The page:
Great journalism takes time and money.
A massive gas explosion this weekend has added fuel to the fire of controversy raging around TransCanada's proposed Energy East pipeline project.
Numerous media outlets reported a rupture in a natural gas pipeline near Emerson, Manitoba, Saturday night. The Winnipeg Free Press reported that the volunteer fire department was called out after flames 20 to 30 feet high and 10 to 15 feet across fanned out at the explosion site.
Emerson fire chief Jeff French’s photos of the explosion show a geyser of fire burning high in the sky. He told the Free Press that the flames could be seen from miles away.
The rupture occurred at the St. Vincent compressor station in Kittson County, Minnesota, about a kilometre south of the Canadian-U.S. border near Emerson.
Two homes were evacuated, but after the fire was extinguished some four hours later, residents were allowed to return.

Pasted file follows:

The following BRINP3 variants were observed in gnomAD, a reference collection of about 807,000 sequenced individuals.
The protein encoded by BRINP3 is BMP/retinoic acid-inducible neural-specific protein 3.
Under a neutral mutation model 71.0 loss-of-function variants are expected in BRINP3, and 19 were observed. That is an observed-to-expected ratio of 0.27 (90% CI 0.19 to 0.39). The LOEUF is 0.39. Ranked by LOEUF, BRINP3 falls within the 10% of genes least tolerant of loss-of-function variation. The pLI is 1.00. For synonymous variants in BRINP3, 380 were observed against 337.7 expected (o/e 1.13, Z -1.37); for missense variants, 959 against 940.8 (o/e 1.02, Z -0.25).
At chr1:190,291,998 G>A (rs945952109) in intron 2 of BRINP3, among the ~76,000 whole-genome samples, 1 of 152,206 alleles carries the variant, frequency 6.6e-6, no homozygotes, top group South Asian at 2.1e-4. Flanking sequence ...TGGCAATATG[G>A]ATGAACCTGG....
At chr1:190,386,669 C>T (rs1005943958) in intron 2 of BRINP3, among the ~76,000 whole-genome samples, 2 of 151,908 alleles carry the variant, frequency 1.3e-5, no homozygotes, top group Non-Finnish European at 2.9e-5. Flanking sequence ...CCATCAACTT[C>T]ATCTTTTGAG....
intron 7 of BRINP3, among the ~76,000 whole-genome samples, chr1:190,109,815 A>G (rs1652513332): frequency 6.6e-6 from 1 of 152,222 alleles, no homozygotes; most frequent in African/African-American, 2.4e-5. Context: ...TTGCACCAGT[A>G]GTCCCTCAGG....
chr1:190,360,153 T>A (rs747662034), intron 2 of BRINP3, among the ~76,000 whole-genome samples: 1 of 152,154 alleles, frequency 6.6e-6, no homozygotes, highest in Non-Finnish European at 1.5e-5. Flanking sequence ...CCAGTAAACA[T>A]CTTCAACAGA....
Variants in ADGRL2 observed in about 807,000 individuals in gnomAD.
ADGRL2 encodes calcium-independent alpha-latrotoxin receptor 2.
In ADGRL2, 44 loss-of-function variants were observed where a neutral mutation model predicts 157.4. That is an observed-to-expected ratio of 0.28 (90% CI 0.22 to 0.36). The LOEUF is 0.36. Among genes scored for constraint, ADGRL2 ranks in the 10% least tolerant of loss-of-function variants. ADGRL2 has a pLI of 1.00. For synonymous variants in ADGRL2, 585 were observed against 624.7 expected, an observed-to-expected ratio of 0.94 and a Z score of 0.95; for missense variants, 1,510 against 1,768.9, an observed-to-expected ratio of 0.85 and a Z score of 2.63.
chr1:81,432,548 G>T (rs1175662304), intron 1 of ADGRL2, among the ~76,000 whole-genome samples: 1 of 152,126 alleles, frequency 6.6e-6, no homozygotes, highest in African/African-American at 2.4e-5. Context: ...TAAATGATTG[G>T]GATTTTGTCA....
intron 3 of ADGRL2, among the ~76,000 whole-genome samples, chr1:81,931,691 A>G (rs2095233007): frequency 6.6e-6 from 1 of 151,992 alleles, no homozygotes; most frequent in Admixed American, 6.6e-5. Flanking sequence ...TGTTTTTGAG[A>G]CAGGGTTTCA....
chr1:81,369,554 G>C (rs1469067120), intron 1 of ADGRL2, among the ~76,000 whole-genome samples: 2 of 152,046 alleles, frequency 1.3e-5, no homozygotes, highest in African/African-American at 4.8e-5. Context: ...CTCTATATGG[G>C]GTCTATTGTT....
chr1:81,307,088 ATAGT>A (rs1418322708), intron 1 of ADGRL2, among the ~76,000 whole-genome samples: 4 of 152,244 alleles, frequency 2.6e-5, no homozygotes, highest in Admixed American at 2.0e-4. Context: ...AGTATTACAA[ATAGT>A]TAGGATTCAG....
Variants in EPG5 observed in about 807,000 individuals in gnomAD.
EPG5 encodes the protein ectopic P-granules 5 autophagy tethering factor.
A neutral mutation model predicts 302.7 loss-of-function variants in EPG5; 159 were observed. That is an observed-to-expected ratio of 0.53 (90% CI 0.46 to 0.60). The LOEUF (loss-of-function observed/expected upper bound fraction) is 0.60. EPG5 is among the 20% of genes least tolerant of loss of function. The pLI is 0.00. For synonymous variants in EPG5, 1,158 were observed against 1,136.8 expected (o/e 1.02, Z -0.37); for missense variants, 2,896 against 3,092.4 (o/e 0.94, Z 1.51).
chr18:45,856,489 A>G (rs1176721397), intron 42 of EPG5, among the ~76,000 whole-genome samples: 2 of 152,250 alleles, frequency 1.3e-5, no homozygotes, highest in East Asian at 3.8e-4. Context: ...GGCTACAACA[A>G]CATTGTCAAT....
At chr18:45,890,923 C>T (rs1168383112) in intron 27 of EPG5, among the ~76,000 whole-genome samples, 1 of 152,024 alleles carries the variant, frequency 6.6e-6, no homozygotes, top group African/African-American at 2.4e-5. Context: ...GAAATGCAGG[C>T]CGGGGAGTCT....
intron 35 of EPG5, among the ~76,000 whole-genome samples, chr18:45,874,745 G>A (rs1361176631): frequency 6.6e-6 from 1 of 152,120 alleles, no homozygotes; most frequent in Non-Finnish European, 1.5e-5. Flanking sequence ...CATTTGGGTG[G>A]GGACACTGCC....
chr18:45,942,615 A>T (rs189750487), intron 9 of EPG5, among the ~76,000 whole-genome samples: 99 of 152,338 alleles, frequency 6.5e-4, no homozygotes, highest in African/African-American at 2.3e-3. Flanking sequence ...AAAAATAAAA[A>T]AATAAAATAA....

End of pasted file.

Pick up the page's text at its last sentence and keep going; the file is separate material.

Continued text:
The cause of the explosion is under investigation.
TransCanada has had previous pipeline ruptures in Manitoba. One at Otterburn in 2014 is still under investigation. Earlier ruptures at Brookdale and St. Norbert were respectively caused by stress corrosion cracking and metal fatigue.
Last week opponents to TransCanada’s proposed Energy East pipeline, which would partially use a converted gas line to carry Alberta tar sands crude and volatile Bakken crude oil, expressed concern over TransCanada’s history of pipeline ruptures.
A new report from the Council of Canadians said the Energy East pipeline would have a 15 per cent chance of rupturing annually that could produce a potentially catastrophic oil spill.
TransCanada has disputed those numbers as “unfounded.” Company spokesman Tim Duboyce says TransCanada spends a billion dollars annually on inspection and maintenance of its infrastructure and aims for zero incidents.